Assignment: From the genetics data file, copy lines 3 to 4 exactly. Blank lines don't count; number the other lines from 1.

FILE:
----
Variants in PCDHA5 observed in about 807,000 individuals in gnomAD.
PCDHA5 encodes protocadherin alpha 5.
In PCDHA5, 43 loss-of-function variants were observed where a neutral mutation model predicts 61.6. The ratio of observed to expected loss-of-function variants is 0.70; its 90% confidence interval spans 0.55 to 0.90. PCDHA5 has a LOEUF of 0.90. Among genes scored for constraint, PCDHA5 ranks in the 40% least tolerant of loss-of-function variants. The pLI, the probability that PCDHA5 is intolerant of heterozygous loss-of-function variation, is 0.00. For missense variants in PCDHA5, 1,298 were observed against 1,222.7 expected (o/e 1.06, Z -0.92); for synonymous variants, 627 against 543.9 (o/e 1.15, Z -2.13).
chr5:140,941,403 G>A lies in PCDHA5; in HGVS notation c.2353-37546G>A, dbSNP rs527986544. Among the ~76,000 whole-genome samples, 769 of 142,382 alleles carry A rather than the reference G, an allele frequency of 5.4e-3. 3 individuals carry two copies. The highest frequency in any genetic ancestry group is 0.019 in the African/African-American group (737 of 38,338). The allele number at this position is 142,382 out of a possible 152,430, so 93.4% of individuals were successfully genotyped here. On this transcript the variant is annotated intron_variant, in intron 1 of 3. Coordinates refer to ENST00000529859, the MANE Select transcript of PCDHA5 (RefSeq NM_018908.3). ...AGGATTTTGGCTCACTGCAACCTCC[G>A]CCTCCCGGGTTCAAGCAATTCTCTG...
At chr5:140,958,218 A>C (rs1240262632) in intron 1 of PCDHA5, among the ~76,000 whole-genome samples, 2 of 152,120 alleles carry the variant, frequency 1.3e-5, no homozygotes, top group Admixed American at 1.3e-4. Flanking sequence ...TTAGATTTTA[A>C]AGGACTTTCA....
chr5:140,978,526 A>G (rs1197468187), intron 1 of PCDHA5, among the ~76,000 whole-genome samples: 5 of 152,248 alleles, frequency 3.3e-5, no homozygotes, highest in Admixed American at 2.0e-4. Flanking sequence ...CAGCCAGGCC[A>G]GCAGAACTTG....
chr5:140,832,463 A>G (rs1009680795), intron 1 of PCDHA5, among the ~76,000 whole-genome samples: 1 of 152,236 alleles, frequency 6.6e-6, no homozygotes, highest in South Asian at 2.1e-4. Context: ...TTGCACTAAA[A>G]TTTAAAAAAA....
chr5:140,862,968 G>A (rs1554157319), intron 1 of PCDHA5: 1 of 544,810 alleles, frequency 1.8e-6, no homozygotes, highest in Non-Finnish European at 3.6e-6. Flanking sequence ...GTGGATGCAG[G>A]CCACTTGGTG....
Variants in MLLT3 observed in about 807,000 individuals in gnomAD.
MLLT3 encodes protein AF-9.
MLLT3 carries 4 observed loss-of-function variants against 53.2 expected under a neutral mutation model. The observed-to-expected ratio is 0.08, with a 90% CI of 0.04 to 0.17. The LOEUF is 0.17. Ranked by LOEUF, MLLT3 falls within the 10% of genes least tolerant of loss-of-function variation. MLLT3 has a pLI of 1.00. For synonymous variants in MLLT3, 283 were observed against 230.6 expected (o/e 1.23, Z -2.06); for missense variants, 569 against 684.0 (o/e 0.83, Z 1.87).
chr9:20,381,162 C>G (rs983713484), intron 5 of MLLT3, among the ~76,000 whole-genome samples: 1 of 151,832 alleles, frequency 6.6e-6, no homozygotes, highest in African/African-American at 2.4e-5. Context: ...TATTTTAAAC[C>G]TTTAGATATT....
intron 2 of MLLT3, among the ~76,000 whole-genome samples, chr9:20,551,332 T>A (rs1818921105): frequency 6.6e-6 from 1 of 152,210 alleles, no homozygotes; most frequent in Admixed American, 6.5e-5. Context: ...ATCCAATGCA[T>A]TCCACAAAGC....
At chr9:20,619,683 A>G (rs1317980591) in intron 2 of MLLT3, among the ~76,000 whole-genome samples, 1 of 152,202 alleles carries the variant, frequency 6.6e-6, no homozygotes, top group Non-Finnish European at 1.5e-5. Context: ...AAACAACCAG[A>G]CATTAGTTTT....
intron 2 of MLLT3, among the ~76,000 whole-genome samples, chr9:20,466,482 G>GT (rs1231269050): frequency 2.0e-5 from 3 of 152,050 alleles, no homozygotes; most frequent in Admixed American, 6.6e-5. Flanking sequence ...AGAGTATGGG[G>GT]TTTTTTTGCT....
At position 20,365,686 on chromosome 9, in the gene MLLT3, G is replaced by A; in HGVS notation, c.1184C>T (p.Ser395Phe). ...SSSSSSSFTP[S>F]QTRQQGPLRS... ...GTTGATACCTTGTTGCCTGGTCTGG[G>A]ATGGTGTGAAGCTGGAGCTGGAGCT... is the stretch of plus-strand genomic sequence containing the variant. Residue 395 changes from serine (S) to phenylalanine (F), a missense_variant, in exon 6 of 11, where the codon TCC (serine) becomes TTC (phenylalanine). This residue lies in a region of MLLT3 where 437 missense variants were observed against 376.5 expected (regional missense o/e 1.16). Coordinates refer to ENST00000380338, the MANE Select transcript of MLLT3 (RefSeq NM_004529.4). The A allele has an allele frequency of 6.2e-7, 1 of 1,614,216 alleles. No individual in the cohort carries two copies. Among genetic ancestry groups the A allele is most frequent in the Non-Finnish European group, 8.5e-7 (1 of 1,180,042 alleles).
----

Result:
In PCDHA5, 43 loss-of-function variants were observed where a neutral mutation model predicts 61.6. The ratio of observed to expected loss-of-function variants is 0.70; its 90% confidence interval spans 0.55 to 0.90. PCDHA5 has a LOEUF of 0.90. Among genes scored for constraint, PCDHA5 ranks in the 40% least tolerant of loss-of-function variants. The pLI, the probability that PCDHA5 is intolerant of heterozygous loss-of-function variation, is 0.00. For missense variants in PCDHA5, 1,298 were observed against 1,222.7 expected (o/e 1.06, Z -0.92); for synonymous variants, 627 against 543.9 (o/e 1.15, Z -2.13).
chr5:140,941,403 G>A lies in PCDHA5; in HGVS notation c.2353-37546G>A, dbSNP rs527986544. Among the ~76,000 whole-genome samples, 769 of 142,382 alleles carry A rather than the reference G, an allele frequency of 5.4e-3. 3 individuals carry two copies. The highest frequency in any genetic ancestry group is 0.019 in the African/African-American group (737 of 38,338). The allele number at this position is 142,382 out of a possible 152,430, so 93.4% of individuals were successfully genotyped here. On this transcript the variant is annotated intron_variant, in intron 1 of 3. Coordinates refer to ENST00000529859, the MANE Select transcript of PCDHA5 (RefSeq NM_018908.3). ...AGGATTTTGGCTCACTGCAACCTCC[G>A]CCTCCCGGGTTCAAGCAATTCTCTG...